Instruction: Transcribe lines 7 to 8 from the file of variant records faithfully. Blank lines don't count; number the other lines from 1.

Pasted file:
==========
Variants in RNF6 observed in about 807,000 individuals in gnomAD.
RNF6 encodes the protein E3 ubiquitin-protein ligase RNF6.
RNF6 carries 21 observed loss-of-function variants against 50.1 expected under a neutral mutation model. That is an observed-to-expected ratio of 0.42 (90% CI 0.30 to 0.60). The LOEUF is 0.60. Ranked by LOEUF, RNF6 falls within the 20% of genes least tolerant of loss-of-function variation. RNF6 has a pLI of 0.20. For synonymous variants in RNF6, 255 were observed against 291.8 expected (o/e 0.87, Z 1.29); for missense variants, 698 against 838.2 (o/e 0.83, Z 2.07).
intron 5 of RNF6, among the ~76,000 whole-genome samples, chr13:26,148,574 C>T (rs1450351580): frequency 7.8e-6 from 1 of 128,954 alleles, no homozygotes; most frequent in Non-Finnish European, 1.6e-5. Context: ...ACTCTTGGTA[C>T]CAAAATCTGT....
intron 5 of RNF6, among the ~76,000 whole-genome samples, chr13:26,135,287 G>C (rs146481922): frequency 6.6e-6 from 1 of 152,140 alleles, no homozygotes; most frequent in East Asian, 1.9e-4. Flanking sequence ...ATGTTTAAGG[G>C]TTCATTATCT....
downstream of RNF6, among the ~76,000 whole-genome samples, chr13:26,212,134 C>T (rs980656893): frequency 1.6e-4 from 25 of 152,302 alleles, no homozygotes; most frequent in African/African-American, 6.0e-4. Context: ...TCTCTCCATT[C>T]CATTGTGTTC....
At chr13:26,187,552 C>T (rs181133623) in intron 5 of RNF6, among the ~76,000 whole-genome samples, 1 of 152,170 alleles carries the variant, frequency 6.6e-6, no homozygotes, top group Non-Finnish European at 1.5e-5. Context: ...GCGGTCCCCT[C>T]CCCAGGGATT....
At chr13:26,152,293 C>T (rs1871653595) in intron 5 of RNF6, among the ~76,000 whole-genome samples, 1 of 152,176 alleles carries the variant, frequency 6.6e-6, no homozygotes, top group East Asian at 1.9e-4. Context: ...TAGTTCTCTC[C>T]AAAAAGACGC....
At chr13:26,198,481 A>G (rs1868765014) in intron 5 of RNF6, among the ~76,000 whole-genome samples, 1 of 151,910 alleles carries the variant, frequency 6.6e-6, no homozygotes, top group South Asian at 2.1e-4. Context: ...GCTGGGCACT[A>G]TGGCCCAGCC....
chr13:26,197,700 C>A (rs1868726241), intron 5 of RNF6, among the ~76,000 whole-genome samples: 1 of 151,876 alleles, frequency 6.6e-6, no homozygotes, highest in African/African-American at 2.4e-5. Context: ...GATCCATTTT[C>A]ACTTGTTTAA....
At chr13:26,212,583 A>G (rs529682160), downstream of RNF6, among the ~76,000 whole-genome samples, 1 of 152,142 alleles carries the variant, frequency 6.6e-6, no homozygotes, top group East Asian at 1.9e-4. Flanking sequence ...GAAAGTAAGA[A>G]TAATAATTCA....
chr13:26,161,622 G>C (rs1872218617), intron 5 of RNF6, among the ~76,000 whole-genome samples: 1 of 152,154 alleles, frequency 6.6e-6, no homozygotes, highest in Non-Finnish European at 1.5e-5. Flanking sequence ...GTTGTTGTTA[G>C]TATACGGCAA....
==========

At chr13:26,187,552 C>T (rs181133623) in intron 5 of RNF6, among the ~76,000 whole-genome samples, 1 of 152,170 alleles carries the variant, frequency 6.6e-6, no homozygotes, top group Non-Finnish European at 1.5e-5. Context: ...GCGGTCCCCT[C>T]CCCAGGGATT....
At chr13:26,152,293 C>T (rs1871653595) in intron 5 of RNF6, among the ~76,000 whole-genome samples, 1 of 152,176 alleles carries the variant, frequency 6.6e-6, no homozygotes, top group East Asian at 1.9e-4. Context: ...TAGTTCTCTC[C>T]AAAAAGACGC....